Every now and then you come across a story that makes you smile and this is one of those stories. Owner breeder Helen Sayer has one of WA’s most successful brood bitches, Tayza. Not only was this brindle staying sensation a great chaser, she is also a great mother.
On the 27th of December 2012 Tayza gave birth to eight puppies fathered by Collide. Helen is know for the extra care and attention she pays when whelping litters, so it was no surprise she quickly found one of the pups was having trouble sucking after it was born.
“I found she had a cleft palate not even an hour after she was born, that’s what I think saved her.” Helen Sayer explained.
“She couldn’t suck, I noticed when I first put her on to suck she wasn’t sucking. I kept a close eye on her, I opened her mouth and there it was. I have never had a pup with a cleft pallet before!”
It was a long and draining exercise to ensure this special little pup survived past the first few weeks. The pup lovingly named Moët, after the French champagne, has defeated the odds already. Generally puppies with a cleft palate die after the first few days because their mothers reject them.
“I fed her every two hours; it was like having a baby for the first six weeks of her life. After that I felt sorry for every mother in the world because you have no sleep. I just kept thinking this will be over soon, but they have to put up with it much longer!”
It was always a scary process bottle-feeding Moët because of the noises she would make. Despite making choking and snorting sounds, Moët was an expert on her cleft palate and knew the tricks of the trade to make sure she kept the food out of the roof of her mouth.
“I thought after a week I would try bring her inside and have her beside the bed, I thought that way I could feed her every couple of hours without having to go out the back. That didn’t work out, she just screamed! I ended up getting more sleep going back and forth between the whelping room and the house.”
Nothing was more apparent then Moët’s will to survive; during the bottle-feeding process Moët had learnt to tip her head back enough to prevent the milk from reaching the roof of her mouth and then coming out her nose. As she grew older she did the same drinking milk and water from a bowl on the ground, lapping it up and then tipping her head back.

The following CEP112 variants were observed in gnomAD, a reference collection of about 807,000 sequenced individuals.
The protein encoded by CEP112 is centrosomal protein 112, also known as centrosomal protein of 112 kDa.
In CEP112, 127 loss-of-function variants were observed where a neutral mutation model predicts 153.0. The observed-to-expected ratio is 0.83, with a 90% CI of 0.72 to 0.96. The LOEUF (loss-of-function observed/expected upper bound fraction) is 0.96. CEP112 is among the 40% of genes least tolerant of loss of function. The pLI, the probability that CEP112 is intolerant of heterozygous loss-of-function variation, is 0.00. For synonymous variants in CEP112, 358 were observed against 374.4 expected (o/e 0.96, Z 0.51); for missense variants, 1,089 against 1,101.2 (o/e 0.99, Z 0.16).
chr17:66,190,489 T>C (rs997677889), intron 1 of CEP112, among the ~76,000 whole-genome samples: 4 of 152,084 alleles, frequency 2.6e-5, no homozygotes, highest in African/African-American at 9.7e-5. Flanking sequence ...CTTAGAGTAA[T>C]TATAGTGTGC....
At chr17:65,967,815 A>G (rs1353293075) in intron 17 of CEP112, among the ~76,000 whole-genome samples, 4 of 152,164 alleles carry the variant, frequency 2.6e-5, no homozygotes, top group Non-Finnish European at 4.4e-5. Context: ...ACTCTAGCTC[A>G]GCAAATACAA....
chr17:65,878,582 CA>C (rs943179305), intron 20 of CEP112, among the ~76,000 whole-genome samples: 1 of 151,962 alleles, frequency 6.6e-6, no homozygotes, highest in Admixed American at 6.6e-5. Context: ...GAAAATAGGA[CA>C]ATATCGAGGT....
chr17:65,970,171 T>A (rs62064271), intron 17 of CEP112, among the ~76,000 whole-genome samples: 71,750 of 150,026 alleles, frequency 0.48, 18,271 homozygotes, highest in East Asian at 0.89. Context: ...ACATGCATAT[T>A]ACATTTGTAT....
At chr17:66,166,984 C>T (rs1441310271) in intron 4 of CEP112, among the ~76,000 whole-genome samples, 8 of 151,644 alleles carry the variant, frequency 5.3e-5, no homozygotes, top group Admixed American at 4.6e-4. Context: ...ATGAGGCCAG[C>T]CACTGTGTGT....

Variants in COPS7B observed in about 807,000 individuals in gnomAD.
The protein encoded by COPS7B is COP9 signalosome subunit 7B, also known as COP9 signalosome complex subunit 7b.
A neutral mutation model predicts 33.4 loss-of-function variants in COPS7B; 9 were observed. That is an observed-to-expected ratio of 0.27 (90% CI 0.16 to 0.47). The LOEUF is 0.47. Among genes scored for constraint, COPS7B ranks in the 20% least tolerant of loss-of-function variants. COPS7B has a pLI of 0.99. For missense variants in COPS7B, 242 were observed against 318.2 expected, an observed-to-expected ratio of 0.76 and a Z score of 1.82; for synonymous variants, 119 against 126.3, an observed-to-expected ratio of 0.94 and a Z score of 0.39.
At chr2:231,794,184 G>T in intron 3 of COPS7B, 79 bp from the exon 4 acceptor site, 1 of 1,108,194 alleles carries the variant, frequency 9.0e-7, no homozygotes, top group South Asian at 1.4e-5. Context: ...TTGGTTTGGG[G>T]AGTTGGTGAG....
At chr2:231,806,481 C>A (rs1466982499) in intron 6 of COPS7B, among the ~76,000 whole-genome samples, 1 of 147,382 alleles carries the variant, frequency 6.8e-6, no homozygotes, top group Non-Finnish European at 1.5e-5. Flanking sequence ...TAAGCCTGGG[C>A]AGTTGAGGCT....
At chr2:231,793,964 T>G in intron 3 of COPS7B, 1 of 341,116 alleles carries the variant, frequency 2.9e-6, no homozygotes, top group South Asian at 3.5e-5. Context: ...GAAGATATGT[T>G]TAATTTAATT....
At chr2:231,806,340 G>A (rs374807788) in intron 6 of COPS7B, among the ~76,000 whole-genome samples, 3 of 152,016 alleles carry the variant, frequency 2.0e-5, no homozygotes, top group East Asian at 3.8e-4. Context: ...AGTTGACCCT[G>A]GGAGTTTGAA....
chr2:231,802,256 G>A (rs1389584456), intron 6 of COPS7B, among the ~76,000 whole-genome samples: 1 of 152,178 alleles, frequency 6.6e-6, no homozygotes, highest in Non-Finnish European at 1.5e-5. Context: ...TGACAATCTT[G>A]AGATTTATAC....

“Min (Tayza) looked after her in every other way. She used to always come and lick her and make sure she was all right. She is a great mother and that makes all the difference.”
“When she started eating I knew she was in the clear. I watched her grow and put on weight everyday; I made sure she was putting on weight so she never went backwards; she never went through a scrawny stage. The only thing she missed out on was her mum’s milk.”
Moët is now 14 months old living with her mother and Helen’s three other brood bitches; Countess Of Cork, You’re Fancy and now retired Miss Marley. Moët had daily play dates with her mother up until she came in season and was sent away to be mated.
“Min (Tayza) looks forward to going in with her every day, when they go in the yard they give each other kisses in the morning.”
Moët could always be distinguished between her and the rest of her litter because of her very round tummy and funny little face. She didn’t let the fact that she had a hole in the roof of her mouth stop her from fighting with her brothers and sisters. When it came time to send the pups away to be reared Helen felt the need to have her at home so that she could keep an eye on her growing up.
“This part of breeding is very new to me, I will just have to see how it goes.”
“Moët is very smart, She watches the other dogs from yard and she learns a lot! I think she has as much chance as any other puppy has of making the racetrack; she will be given every opportunity.”
“Moët is crazy! She is as keen as any other puppy and can spot a bird in the sky and be too worried about chasing it that she almost runs into something!”
After talking to a number of vets about options for Moët Helen has decided to delay any operations to try and fix the cleft palate because her little black puppy has adapted to having the hole in the roof of her mouth.
“The vets have said to me that if she has trouble breathing or looks to be struggling to eat they can perform an operation to close it over. I have spoken to three and they have all basically said to just leave it.”
The corrective surgery is estimated to be about $2,000.00 and Helen just wants the best for the special little pup. The love and time that Helen put into saving Moët is a credit to her, even if Moët doesn’t makes it to the racetrack she will have a home for life.